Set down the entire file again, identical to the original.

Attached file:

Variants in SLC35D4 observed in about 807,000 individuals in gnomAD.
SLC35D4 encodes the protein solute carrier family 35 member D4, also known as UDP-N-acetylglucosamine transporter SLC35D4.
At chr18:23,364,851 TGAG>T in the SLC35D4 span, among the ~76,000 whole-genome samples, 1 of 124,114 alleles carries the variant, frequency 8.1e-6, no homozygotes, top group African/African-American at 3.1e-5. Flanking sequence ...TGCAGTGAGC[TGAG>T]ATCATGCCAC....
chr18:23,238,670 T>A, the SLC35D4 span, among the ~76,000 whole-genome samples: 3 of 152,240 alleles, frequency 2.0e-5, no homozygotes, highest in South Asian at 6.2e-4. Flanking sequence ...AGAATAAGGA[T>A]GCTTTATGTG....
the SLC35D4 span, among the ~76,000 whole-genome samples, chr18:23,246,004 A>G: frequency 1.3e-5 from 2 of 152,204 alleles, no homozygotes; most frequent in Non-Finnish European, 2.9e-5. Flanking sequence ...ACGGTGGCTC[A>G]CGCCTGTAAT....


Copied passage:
Variants in SLC35D4 observed in about 807,000 individuals in gnomAD.
SLC35D4 encodes the protein solute carrier family 35 member D4, also known as UDP-N-acetylglucosamine transporter SLC35D4.
At chr18:23,364,851 TGAG>T in the SLC35D4 span, among the ~76,000 whole-genome samples, 1 of 124,114 alleles carries the variant, frequency 8.1e-6, no homozygotes, top group African/African-American at 3.1e-5. Flanking sequence ...TGCAGTGAGC[TGAG>T]ATCATGCCAC....
chr18:23,238,670 T>A, the SLC35D4 span, among the ~76,000 whole-genome samples: 3 of 152,240 alleles, frequency 2.0e-5, no homozygotes, highest in South Asian at 6.2e-4. Flanking sequence ...AGAATAAGGA[T>A]GCTTTATGTG....
the SLC35D4 span, among the ~76,000 whole-genome samples, chr18:23,246,004 A>G: frequency 1.3e-5 from 2 of 152,204 alleles, no homozygotes; most frequent in Non-Finnish European, 2.9e-5. Flanking sequence ...ACGGTGGCTC[A>G]CGCCTGTAAT....